Smart Cities

In a video released today, the ride-hailing giant laid out plans for how its self-driving trucks might fit into—and shake up—the trucking world.

Logistics, logistics, logistics: Uber’s idea is to coordinate exchanges between short-hauling, human-piloted trucks and long-haul self-driving vehicles at transfer stations around the US. Humans will handle the tighter roads close to cities and leave the interstates to AI-powered big rigs (see “10 Breakthrough Technologies of 2017: Self-Driving Trucks”).

For example: Uber featured two (human) truck drivers in the video. Mark, on his way from Los Angeles in a typical 18-wheeler, meets up in Arizona with Larry, the pilot of a self-driving truck coming from the Midwest. They exchange their trailers, an action Uber says will “require the hands-on work only truckers can do” (a nod to concerns that self-driving trucks will eliminate jobs). Mark then heads back to California, and Larry heads east on a long haul.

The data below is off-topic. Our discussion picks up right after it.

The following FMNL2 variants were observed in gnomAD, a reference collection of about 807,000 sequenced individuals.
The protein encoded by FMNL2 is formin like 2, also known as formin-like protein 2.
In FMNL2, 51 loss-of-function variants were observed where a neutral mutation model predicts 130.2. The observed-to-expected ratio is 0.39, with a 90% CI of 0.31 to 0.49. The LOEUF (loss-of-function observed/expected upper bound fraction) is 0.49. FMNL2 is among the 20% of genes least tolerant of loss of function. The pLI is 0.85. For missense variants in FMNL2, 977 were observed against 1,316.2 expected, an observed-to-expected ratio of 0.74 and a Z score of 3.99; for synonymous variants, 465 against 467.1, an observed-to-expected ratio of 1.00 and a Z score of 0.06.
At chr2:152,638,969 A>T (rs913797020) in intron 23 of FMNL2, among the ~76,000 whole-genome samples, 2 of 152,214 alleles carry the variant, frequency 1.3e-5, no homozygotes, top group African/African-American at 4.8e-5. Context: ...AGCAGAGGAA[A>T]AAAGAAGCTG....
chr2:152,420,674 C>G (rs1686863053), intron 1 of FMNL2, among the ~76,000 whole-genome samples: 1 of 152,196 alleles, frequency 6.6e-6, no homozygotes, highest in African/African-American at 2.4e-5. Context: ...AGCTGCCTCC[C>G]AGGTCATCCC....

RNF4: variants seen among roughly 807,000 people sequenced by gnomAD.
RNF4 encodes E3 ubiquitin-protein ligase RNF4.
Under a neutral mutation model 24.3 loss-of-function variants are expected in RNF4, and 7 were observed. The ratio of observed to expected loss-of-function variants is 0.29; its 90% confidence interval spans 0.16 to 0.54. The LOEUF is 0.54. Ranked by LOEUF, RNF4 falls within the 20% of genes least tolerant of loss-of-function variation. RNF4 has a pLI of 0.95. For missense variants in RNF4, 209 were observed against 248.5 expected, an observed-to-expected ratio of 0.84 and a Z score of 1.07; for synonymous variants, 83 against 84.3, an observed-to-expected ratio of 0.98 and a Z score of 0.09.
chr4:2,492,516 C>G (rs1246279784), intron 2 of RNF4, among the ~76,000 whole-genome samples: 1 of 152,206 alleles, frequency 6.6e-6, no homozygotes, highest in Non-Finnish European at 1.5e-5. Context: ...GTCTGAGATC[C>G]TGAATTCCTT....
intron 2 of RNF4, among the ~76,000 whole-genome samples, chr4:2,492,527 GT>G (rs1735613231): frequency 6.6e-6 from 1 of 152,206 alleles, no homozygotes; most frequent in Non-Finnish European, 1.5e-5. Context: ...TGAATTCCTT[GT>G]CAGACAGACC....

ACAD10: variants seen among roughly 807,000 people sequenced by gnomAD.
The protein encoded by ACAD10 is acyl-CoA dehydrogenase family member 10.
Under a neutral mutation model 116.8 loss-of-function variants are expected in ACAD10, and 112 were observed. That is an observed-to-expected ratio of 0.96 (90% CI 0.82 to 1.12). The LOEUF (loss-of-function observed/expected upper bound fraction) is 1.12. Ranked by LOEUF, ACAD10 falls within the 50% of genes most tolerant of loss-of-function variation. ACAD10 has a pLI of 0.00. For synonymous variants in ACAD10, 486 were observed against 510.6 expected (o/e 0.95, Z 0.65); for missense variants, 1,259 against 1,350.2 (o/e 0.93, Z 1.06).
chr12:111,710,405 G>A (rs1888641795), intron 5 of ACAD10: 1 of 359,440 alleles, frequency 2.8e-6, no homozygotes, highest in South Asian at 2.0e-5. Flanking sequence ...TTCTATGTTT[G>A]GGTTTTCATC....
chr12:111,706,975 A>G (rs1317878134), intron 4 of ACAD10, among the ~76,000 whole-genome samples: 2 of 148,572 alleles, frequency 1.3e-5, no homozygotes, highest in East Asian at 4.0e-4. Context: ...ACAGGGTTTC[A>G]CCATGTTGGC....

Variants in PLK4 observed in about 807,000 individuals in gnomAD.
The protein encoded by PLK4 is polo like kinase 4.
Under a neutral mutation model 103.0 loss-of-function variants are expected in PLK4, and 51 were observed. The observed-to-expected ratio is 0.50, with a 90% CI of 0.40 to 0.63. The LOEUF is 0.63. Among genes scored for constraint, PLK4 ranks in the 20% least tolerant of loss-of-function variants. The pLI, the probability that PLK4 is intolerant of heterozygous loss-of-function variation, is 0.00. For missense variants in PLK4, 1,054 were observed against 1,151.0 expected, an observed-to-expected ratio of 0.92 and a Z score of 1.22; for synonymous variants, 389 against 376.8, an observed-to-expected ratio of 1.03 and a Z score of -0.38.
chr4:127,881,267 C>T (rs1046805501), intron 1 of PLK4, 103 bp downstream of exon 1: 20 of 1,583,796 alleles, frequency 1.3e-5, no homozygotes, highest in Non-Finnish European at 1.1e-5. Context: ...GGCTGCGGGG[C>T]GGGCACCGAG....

Takin’ it to the streets: According to the New York Times, Uber’s self-driving trucks have already been hauling commercial cargo on highways in Arizona for the past few months, hinting that wider application of this plan might not be too far off.

Want to stay up to date on the future of work? Sign up for our newest newsletter, Clocking In!